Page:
Suppliers in crisis and security of supply in jeopardy: surcharges should help (but will create a financial burden for end consumers)
As a result of the current (global) market situation, and particularly due to the European sanctions which were imposed because of the Russia-Ukraine war, energy prices have increased considerably in recent months, a development which has affected nearly all companies in the supply chain. This already difficult situation is being exacerbated by restrictions on gas deliveries to Germany and by the financial troubles experienced by gas suppliers. With the gas supply situation critical, the “alert level” of the German government’s “Emergency Plan for Gas” was proclaimed on 23 June. This is the second of the three escalation levels, and calls for close monitoring of the gas supply.
In an effort to mitigate the crisis and avoid bankruptcies and further uncertainty, the German government will be introducing a gas surcharge as of 1 October 2022. This surcharge is based on § 26 of the Energy Security Act and spreads the higher market prices among all end consumers, both corporations and individuals, both public sector and private. Gas consumers will also have to pay an additional charge in the form of a storage fee based on § 35e of the Energy Act.
These charges will compensate gas importers for the added cost of obtaining gas from alternative sources (by means of the gas surcharge) as well as for the cost associated with ensuring the security of supply (by means of the storage fee). The added costs will be passed on to gas consumers.
High gas prices: grounds for contractual revision?
The rise in energy costs represents a financial burden for companies in every sector. But it may not be so easy for companies to pass on or spread out these costs by revising their prices and contractual arrangements.
In accordance with the case law of the Federal Supreme Court, price adjustments can only be made in exceptional cases which are very narrowly defined. Whether gas prices doubling is enough to clear the hurdle for these exceptions to apply is unclear. But that should be the case, certainly in cases where current production costs are ruinously expensive for companies. This question depends on the circumstances of the individual case. It is important in this regard to communicate with the customer at an early date in order to prevent interruptions in supply or, in the event that gas can no longer be procured due to the high cost, so that interruptions in supply can be announced with enough lead time, giving customer the time and opportunity to take remedial measures and minimize damages. When concluding new agreements, companies would be well-advised to include price adjustment clauses for the future.
What happens when the gas stops flowing?
One possible future scenario is the rationing of gas supplies. In this case, it would be the responsibility of the Federal Network Agency to determine how much gas will be supplied to whom, and a plan is currently being developed for the prioritization and distribution of Germany’s gas stocks. Of course, rationing may apply to companies as well. The decision as to whether a company will continue to receive gas deliveries, as well as the amount of gas it will receive, will depend on a variety of factors, such as e.g. whether or not it manufactures products which are important for the general welfare. While there is no formal process by which companies can seek priority status, companies should already examine whether and to what extent they meet the criteria for priority status and then notify the Federal Network Agency.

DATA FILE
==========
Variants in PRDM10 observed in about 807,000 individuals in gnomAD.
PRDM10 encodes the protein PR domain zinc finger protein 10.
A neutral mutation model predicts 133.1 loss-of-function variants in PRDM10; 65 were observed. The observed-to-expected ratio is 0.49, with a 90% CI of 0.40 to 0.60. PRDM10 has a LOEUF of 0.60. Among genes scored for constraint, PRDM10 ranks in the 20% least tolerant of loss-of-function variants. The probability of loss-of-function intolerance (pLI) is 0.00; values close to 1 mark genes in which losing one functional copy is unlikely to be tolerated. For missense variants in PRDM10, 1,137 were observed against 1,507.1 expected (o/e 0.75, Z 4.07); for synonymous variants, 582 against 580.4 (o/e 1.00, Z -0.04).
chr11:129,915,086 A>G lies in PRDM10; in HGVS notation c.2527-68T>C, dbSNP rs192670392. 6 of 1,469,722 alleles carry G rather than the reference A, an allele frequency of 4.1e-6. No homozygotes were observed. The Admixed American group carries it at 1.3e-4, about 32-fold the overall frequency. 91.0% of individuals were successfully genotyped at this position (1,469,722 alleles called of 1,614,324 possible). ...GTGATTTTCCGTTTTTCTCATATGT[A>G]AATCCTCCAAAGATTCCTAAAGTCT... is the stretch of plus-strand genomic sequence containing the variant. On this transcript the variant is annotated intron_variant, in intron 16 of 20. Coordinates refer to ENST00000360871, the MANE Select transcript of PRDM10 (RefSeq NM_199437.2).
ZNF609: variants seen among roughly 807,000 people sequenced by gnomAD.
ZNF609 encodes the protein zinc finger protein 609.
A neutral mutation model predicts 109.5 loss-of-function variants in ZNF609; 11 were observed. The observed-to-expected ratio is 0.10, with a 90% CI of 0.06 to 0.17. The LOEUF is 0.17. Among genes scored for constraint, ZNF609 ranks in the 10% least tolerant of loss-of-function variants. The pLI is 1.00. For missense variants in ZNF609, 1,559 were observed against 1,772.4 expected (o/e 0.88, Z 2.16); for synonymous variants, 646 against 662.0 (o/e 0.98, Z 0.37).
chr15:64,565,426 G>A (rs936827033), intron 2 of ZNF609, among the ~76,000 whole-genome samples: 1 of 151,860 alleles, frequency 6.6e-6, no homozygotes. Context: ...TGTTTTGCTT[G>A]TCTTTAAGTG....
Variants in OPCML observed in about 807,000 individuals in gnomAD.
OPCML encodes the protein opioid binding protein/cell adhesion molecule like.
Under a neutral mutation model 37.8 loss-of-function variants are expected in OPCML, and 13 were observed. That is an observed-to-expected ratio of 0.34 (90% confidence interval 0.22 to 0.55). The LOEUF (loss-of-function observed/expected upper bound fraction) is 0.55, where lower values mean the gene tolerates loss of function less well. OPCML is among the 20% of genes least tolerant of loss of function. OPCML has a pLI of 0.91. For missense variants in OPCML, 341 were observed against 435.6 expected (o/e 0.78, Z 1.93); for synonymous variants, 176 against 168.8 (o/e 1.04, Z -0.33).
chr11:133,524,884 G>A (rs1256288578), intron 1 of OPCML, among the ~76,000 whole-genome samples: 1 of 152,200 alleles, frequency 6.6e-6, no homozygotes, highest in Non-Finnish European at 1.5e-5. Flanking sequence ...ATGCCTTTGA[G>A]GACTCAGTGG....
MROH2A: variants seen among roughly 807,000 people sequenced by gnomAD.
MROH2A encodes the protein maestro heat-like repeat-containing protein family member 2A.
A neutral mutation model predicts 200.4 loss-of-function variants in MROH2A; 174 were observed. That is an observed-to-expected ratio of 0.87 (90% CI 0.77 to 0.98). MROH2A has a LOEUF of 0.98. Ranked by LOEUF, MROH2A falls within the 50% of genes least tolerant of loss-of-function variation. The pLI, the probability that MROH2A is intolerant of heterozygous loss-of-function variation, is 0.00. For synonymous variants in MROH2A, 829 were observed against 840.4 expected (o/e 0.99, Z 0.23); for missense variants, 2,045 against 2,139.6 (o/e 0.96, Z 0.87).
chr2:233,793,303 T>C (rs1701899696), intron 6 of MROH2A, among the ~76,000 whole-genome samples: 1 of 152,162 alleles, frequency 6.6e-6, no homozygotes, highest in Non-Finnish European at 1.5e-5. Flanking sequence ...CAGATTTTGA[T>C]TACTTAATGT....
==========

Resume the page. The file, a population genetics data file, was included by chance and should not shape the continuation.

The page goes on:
If the supply of gas is discontinued and companies are therefore compelled to suspend production, they may be unable to perform contractual duties towards their customers. In most cases, lack of gas will make it impossible for companies to continue manufacturing their products and making deliveries. Regardless of whether such an event is classified as an event of “force majeure” based on the relevant contractual agreement, it may qualify as a case of inability in accordance with § 275 of the Civil Code. In that case, the customer would no longer be able to demand performance, or the affected company would have the right to refuse performance. In the latter case, the company would typically be required to pay damages to the customer. But since the possible disruption of the gas supply is based on a government action, the affected company would not be responsible for its failure to perform its contractual duties. Accordingly, a duty to pay damages would not apply due to the lack of negligence. However, companies would still be required to notify affected customers without delay that they will be unable to continue manufacturing and delivering their products so as to give them an opportunity to take remedial actions and minimize their damages. If they fail to do so, this alone may be viewed as a breach of contract on the part of the affected company, which may be required to pay damages.
The situation in the gas market is fast-changing and impossible to predict. In particular, it remains to be seen how high the gas surcharge will be, and in the event that rationing is introduced, the manner in which priorities will be assigned is still unclear. Given the uncertainty of the situation, it is important for companies to take precautions right away, which may include revising contracts (price adjustments, termination), examining existing contracts for “force majeure” clauses and staying in close contact with customers, as well as contacting the Federal Network Agency.back